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  1. #1
    Annotationshhm
    Guest

    Increase Pension Contributions To Keep Child Benefi

    I have been trying to do my own research to find the answer to my question but the advice in various forums is quite convoluted.

    Basically our situation is we already have a child (almost 2) and our second is due in 3 weeks. I am a higher rate tax payer with a PAYE income from the NHS of 57k plus a self employment income of 6k-7k pa. I also receive interest on savings outside of ISAs of around 1k pa so 500 above the savings allowance. I already subscribe to the NHS pension scheme and contribute 12% of my salary. I have a modest S&S ISA portfolio. I salary sacrifice 1488 of my salary pa for childcare vouchers for our son.

  2. #2
    AnthonyAbsog
    Guest
    We are in receipt of child benefits for our first child and will claim them for the second in my wife's name who has now started 12 month maternity leave. She is considering not returning to work after this. Last year I paid them back during my self assessment as I was over the 50k threshold.

    My question is would I be able to contribute to a SIPP to reduce my income so I did not have to pay back the child benefit for both children?

    I understand we have a good income as a family and would politely ask for no comments regarding the morality of this, just practical advice regarding the pro's and con's of doing so. I have been sceptical regarding a SIPP in view of the potential legislative changes that could occur over the next 30 years and I prefer the flexibility and liquidity ISAs bring (I appreciate I am missing out on tax relief).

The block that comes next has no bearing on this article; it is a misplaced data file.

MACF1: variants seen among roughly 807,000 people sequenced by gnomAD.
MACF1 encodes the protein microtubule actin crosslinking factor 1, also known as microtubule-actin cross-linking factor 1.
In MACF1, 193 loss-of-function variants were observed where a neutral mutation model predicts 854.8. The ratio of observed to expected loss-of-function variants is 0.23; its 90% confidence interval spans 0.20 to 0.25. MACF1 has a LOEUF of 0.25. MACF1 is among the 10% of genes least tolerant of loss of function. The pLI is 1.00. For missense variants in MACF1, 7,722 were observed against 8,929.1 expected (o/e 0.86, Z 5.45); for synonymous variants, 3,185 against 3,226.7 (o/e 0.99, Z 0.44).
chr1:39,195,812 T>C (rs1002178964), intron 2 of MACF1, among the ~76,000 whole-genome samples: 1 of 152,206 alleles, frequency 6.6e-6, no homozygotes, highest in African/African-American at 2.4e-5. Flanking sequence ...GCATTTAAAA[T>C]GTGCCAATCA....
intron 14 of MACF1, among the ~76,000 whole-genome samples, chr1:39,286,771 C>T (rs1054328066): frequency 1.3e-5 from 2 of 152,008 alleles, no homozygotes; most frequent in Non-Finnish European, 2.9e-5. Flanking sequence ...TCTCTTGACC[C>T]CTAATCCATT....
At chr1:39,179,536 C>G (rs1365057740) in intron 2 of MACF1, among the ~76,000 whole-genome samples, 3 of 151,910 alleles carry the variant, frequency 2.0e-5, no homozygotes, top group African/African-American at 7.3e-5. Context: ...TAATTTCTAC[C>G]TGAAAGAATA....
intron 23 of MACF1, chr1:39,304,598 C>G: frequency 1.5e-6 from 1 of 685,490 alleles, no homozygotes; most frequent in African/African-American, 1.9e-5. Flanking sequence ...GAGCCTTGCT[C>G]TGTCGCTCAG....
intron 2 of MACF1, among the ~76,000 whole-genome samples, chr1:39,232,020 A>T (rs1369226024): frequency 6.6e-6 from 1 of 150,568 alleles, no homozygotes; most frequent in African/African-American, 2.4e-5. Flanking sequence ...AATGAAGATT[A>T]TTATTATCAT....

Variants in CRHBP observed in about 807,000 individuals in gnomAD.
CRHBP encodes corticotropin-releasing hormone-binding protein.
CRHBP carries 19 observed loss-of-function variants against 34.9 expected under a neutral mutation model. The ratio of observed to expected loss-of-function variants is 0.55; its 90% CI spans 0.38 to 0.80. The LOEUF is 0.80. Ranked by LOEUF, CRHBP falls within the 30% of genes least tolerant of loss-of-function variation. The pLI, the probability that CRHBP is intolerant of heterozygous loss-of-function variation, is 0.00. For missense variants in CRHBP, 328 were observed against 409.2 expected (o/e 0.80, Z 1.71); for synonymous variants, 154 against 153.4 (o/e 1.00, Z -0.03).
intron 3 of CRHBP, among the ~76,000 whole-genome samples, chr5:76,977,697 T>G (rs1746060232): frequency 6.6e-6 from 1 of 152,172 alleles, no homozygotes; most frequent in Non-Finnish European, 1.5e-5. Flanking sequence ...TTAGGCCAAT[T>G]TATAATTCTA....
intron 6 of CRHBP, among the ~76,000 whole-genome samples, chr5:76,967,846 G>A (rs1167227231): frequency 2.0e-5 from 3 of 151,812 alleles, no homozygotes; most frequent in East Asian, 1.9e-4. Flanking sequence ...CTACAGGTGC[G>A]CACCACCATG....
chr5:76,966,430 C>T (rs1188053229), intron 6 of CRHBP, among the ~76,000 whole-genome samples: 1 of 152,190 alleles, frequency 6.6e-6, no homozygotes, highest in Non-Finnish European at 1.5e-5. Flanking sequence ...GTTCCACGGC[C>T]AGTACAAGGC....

3. #3
    Anntaw
    Guest
    Can I just check your pension conts as % of salary, is it not 12.5%?

    Can you explain whether you've deducted your pension conts and ccare vouchers already from your 57k salaried, or is that your gross salary?

  4. #4
    Annotationspgv
    Guest
    ps have you looked at whether tax-free childcare might be better for you than the vouchers?

    As a higher rate tax payer you are only getting relief on the first 124/month of your salary sacrifice.

  5. #5

  6. #6
    Sorry my pension contributions are 12.5% (I have recently moved up a bracket due to a pay rise). I don't know if it makes any difference but I have two NHS incomes, one as a full time clinician and one as a co-opted member of my local CCG on an advisory role.

    I have not deducted my child care vouchers or pension contributions so 57k is my gross.


 

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